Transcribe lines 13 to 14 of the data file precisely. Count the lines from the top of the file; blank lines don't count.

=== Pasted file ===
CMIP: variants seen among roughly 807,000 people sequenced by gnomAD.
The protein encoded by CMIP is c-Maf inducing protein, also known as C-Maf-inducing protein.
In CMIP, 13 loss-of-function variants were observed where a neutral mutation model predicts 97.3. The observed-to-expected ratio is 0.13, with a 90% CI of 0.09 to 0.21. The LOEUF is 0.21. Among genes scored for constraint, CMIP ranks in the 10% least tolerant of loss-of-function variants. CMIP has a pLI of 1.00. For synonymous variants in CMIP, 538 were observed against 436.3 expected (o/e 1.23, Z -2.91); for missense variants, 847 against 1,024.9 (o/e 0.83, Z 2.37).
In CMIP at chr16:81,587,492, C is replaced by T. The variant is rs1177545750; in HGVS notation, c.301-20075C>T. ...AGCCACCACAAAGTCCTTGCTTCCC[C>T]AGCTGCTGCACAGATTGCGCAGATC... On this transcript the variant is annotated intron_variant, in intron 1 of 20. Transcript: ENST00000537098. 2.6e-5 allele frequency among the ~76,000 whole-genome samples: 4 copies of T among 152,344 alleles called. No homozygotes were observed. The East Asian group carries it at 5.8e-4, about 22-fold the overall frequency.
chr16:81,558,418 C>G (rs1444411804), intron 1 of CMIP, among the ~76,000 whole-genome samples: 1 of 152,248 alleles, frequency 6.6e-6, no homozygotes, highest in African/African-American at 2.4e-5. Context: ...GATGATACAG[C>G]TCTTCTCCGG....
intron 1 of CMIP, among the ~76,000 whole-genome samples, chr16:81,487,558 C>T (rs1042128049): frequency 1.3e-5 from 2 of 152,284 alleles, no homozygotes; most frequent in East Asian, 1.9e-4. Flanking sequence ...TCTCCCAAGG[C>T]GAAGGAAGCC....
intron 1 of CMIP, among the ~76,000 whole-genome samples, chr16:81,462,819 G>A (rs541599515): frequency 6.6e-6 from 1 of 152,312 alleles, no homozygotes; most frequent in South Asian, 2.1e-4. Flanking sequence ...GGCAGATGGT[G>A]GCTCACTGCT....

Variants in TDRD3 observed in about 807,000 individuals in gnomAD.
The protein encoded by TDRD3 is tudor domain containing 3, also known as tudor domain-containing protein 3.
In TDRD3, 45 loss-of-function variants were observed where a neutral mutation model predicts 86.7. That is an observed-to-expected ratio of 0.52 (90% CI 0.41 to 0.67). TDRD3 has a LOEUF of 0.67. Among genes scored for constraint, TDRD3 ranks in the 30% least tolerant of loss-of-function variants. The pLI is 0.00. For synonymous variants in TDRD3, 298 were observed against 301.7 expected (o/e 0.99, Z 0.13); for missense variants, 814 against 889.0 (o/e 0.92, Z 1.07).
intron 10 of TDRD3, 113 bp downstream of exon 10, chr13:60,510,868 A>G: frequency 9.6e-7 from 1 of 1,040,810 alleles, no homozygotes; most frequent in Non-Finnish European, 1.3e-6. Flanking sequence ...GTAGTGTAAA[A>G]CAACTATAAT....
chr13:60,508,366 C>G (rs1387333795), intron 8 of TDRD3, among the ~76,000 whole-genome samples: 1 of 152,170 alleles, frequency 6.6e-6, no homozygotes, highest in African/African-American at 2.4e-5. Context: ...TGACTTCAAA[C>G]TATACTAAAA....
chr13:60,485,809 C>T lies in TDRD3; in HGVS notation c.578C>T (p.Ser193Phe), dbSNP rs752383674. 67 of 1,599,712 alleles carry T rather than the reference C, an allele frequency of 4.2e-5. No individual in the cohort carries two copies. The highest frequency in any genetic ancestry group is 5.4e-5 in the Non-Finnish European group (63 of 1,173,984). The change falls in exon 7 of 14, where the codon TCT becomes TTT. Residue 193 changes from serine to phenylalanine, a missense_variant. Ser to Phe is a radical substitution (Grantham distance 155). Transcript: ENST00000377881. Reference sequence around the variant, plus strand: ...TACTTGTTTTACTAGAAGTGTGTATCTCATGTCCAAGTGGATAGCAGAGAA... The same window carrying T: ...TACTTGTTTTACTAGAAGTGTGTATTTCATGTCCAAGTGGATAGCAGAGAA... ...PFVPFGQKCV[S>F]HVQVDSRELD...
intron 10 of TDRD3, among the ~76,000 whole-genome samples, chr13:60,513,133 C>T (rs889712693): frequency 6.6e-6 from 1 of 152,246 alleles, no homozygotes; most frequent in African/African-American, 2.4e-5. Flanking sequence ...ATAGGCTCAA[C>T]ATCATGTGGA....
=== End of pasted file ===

chr13:60,485,809 C>T lies in TDRD3; in HGVS notation c.578C>T (p.Ser193Phe), dbSNP rs752383674. 67 of 1,599,712 alleles carry T rather than the reference C, an allele frequency of 4.2e-5. No individual in the cohort carries two copies. The highest frequency in any genetic ancestry group is 5.4e-5 in the Non-Finnish European group (63 of 1,173,984). The change falls in exon 7 of 14, where the codon TCT becomes TTT. Residue 193 changes from serine to phenylalanine, a missense_variant. Ser to Phe is a radical substitution (Grantham distance 155). Transcript: ENST00000377881. Reference sequence around the variant, plus strand: ...TACTTGTTTTACTAGAAGTGTGTATCTCATGTCCAAGTGGATAGCAGAGAA... The same window carrying T: ...TACTTGTTTTACTAGAAGTGTGTATTTCATGTCCAAGTGGATAGCAGAGAA... ...PFVPFGQKCV[S>F]HVQVDSRELD...
intron 10 of TDRD3, among the ~76,000 whole-genome samples, chr13:60,513,133 C>T (rs889712693): frequency 6.6e-6 from 1 of 152,246 alleles, no homozygotes; most frequent in African/African-American, 2.4e-5. Flanking sequence ...ATAGGCTCAA[C>T]ATCATGTGGA....